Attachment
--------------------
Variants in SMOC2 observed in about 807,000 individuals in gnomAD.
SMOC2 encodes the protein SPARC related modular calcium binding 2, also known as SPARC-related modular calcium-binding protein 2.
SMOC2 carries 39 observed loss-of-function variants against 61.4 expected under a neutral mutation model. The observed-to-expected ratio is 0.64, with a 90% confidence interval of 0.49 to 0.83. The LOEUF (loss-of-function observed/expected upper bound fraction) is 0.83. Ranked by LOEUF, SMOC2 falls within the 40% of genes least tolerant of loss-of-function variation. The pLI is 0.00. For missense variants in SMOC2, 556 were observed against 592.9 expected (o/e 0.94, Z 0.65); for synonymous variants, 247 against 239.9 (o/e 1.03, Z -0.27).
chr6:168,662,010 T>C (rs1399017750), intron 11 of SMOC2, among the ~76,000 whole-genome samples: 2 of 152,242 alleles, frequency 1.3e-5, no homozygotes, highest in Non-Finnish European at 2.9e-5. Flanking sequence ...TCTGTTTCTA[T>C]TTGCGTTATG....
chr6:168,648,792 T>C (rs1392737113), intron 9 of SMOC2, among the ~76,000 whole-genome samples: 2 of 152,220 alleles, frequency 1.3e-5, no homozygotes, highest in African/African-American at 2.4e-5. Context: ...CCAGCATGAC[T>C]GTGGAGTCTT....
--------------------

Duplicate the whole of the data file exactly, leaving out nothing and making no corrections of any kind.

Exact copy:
Variants in SMOC2 observed in about 807,000 individuals in gnomAD.
SMOC2 encodes the protein SPARC related modular calcium binding 2, also known as SPARC-related modular calcium-binding protein 2.
SMOC2 carries 39 observed loss-of-function variants against 61.4 expected under a neutral mutation model. The observed-to-expected ratio is 0.64, with a 90% confidence interval of 0.49 to 0.83. The LOEUF (loss-of-function observed/expected upper bound fraction) is 0.83. Ranked by LOEUF, SMOC2 falls within the 40% of genes least tolerant of loss-of-function variation. The pLI is 0.00. For missense variants in SMOC2, 556 were observed against 592.9 expected (o/e 0.94, Z 0.65); for synonymous variants, 247 against 239.9 (o/e 1.03, Z -0.27).
chr6:168,662,010 T>C (rs1399017750), intron 11 of SMOC2, among the ~76,000 whole-genome samples: 2 of 152,242 alleles, frequency 1.3e-5, no homozygotes, highest in Non-Finnish European at 2.9e-5. Flanking sequence ...TCTGTTTCTA[T>C]TTGCGTTATG....
chr6:168,648,792 T>C (rs1392737113), intron 9 of SMOC2, among the ~76,000 whole-genome samples: 2 of 152,220 alleles, frequency 1.3e-5, no homozygotes, highest in African/African-American at 2.4e-5. Context: ...CCAGCATGAC[T>C]GTGGAGTCTT....